Looking to teach English in South Korea?
Hi. I’m Paul, aka TastesSeoulGood. I have lived and worked in Korea as an English teacher since 2009. In this entry, I will go over some basic information for teaching in Korea.
Firs, let’s look at WHY you should consider teaching abroad:
- Expand your world view. There’s nothing like packing all of your belongings into one suitcase and hopping on a plane to live and work abroad.
- Expand your resume. Teaching English sometimes gets a bad rap. However, if you work hard and take your job seriously, you’ll be rewarded with great opportunities, both personal and professional.
- Save money. Living in Korea can be cheap. You will most likely receive free housing, and cost of living (can be) inexpensive. With some planning, you can save a decent amount of money.
- Meet awesome people. Koreans can be great people to know. You’ll also get to meet other foreigners who live here. Everybody has a different story to tell.
- Travel. You’ll not only have the chance to travel in Korea, but there are many countries just a few hours away via plane. Get out and see the world!
- The stories you’ll tell. Once you head back to your home country, you’ll find yourself constantly talking about “When I lived in Korea….” Not all the stories will be good, but you’ll definitely walk away with a lot of memories.
WHO can teach in Korea?
In order to teach legally in Korea, you’ll need to get an E2 visa. This is valid for 13 months, and allows you to live and work in South Korea. To be eligible for the visa, applicants should:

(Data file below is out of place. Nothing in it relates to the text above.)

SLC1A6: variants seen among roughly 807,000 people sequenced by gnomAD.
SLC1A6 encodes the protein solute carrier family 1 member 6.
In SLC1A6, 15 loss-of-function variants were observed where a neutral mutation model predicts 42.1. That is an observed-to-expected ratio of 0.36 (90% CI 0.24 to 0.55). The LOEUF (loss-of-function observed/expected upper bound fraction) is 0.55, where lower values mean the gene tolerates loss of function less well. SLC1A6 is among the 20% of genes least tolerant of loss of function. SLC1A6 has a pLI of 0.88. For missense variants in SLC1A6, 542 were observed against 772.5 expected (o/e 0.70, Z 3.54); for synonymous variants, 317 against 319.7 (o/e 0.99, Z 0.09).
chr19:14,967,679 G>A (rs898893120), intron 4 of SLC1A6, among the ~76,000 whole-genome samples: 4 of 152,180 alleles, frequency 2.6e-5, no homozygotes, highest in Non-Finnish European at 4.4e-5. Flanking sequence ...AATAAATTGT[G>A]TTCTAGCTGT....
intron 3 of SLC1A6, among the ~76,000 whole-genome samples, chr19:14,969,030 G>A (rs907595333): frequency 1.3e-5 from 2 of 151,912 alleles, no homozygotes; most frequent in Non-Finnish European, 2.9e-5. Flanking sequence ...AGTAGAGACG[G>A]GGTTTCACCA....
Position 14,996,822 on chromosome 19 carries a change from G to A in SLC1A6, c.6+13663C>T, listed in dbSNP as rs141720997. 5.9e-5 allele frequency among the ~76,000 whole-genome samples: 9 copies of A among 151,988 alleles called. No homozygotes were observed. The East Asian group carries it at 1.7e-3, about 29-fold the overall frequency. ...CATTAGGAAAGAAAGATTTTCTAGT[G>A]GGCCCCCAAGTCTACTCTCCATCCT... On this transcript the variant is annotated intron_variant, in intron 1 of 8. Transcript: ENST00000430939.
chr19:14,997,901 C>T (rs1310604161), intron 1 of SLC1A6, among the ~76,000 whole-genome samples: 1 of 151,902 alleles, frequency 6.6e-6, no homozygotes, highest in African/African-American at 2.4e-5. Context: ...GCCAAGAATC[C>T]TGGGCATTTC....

- Be a Native English speaker from USA, Canada, Australia, New Zealand, South Africa, the UK, or Ireland.
- Hold a valid passport.
- Have a Bachelor’s degree in any subject
- Be able to pass a medical screening
- Clean background check (national level)
If you meet all of these requirements, you’ll be able to start your job search. Once you have found an employer, you will need to supply other documents and material. You will do this at the Korean embassy nearest your home. These documents include:
- An apostilled copy of your degree
- An apostilled copy of a background check
- Sealed transcripts
- E2 application form
- Passport photos
- Signed contract
- Valid passport
- Medical statement
Once you have obtained all of these documents, you’ll be able to make your appointment to receive your visa. Once your visa is in hand, your employer will purchase your plane ticket, and you’ll be on your way to Korea!
While receiving a TESOL certification is not usually required, it is HIGHLY recommended that you obtain one before coming to teach here. Remember – teaching is a skill. If you have never done it, you’ll need to be trained. Just being a native speaker doesn’t qualify you to be an effective teacher.
COMING SOON: MORE INFORMATION ABOUT TEACHING ENGLISH IN KOREA!
If you have any immediate questions, please leave them in the comments, or email me at firstname.lastname@example.org Thanks!